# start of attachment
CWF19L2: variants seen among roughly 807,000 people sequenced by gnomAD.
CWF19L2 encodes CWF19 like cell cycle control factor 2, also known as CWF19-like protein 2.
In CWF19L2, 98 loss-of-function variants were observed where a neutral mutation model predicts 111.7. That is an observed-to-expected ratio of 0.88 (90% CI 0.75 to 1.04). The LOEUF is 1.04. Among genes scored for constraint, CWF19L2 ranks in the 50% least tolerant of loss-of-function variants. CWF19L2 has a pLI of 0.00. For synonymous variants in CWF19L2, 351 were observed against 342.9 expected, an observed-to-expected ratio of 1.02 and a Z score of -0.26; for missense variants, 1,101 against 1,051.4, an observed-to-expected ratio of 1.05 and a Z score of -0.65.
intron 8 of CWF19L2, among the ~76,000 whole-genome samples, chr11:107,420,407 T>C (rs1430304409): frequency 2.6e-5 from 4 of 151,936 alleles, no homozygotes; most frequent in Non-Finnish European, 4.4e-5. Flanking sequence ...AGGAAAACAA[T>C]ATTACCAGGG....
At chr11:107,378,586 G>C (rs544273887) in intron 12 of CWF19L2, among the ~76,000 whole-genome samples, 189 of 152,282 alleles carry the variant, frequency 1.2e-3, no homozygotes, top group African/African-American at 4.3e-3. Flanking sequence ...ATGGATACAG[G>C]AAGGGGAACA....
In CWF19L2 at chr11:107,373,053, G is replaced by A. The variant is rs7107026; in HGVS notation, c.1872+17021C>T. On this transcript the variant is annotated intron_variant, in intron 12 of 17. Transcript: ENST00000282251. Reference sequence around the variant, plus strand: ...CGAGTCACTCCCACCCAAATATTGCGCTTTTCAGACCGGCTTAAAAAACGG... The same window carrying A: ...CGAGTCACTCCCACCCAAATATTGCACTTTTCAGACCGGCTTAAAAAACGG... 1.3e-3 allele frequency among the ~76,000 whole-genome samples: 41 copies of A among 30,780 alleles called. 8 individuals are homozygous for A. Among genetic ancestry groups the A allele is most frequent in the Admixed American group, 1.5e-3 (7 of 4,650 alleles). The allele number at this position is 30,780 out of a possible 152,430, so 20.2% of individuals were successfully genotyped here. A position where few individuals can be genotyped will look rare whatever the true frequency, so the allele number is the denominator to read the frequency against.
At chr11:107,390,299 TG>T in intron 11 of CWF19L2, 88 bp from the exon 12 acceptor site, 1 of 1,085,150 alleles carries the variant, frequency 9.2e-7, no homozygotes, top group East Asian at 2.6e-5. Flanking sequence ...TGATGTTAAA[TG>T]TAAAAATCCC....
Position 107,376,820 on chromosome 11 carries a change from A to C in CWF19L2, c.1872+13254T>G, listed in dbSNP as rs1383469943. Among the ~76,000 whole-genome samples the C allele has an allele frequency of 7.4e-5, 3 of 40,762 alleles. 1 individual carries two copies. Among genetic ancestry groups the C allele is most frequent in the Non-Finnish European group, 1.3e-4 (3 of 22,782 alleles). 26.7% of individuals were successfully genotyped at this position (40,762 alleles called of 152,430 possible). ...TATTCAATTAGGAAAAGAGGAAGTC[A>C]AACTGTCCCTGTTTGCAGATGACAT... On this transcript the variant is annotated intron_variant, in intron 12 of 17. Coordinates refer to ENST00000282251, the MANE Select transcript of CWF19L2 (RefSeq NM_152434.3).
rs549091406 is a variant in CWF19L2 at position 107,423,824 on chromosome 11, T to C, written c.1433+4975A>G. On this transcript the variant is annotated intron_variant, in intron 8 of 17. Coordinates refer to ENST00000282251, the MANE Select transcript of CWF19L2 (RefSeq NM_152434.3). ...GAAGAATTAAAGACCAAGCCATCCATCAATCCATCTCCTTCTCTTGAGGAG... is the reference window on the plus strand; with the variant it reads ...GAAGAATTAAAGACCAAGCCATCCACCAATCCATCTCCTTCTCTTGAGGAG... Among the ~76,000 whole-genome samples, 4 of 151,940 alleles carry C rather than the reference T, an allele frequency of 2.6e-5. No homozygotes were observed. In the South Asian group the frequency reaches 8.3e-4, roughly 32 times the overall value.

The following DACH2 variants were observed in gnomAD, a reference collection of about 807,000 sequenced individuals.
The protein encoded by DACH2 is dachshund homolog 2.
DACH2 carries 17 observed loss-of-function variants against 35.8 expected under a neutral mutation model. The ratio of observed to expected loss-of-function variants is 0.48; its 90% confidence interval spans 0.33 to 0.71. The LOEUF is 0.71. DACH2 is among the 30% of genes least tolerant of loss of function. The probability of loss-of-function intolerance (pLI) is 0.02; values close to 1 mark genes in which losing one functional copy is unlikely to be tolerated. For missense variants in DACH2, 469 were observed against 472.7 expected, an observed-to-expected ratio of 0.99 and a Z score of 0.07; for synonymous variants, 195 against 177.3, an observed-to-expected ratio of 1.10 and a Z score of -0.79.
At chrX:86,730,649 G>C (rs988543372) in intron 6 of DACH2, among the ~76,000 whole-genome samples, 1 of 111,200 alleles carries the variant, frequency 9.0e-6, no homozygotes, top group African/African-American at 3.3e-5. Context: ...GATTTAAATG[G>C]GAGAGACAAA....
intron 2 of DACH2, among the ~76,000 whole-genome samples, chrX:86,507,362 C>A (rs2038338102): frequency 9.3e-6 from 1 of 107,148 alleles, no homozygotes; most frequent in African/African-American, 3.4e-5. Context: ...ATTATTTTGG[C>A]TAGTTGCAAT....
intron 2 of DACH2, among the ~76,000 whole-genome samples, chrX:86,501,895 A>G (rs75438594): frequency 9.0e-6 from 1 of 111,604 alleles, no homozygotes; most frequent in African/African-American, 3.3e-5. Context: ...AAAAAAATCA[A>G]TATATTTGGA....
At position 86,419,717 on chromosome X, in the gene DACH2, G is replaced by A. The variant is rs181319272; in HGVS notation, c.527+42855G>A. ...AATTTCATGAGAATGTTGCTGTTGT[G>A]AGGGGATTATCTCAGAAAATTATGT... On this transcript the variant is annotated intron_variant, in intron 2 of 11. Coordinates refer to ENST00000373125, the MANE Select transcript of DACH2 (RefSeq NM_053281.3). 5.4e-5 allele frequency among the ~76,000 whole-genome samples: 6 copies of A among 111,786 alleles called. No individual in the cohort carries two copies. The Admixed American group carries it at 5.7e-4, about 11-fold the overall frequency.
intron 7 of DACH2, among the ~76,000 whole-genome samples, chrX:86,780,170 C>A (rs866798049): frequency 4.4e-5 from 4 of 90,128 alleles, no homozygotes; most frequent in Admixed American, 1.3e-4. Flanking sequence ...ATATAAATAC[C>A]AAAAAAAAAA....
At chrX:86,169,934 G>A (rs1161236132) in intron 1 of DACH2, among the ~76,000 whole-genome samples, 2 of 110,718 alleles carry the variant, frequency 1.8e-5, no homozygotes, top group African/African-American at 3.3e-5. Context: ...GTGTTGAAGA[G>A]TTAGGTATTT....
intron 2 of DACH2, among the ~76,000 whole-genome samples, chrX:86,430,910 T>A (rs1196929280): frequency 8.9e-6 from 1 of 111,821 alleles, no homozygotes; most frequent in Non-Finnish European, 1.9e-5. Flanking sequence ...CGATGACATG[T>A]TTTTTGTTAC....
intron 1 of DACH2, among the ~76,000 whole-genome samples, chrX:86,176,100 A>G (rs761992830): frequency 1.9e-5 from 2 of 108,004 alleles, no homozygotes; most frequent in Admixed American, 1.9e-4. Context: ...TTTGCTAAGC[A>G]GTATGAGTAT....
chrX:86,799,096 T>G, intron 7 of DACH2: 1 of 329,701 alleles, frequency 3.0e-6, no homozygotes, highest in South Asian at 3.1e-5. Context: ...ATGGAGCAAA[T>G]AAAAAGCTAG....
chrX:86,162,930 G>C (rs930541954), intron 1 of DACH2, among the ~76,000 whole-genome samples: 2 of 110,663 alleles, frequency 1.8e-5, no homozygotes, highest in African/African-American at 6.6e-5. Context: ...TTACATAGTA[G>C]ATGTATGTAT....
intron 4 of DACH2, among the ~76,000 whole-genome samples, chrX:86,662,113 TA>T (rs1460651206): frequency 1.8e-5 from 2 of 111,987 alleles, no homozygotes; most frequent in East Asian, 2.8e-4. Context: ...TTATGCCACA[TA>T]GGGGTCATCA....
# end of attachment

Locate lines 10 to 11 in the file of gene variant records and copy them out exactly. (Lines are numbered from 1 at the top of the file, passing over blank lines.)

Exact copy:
The following DACH2 variants were observed in gnomAD, a reference collection of about 807,000 sequenced individuals.
The protein encoded by DACH2 is dachshund homolog 2.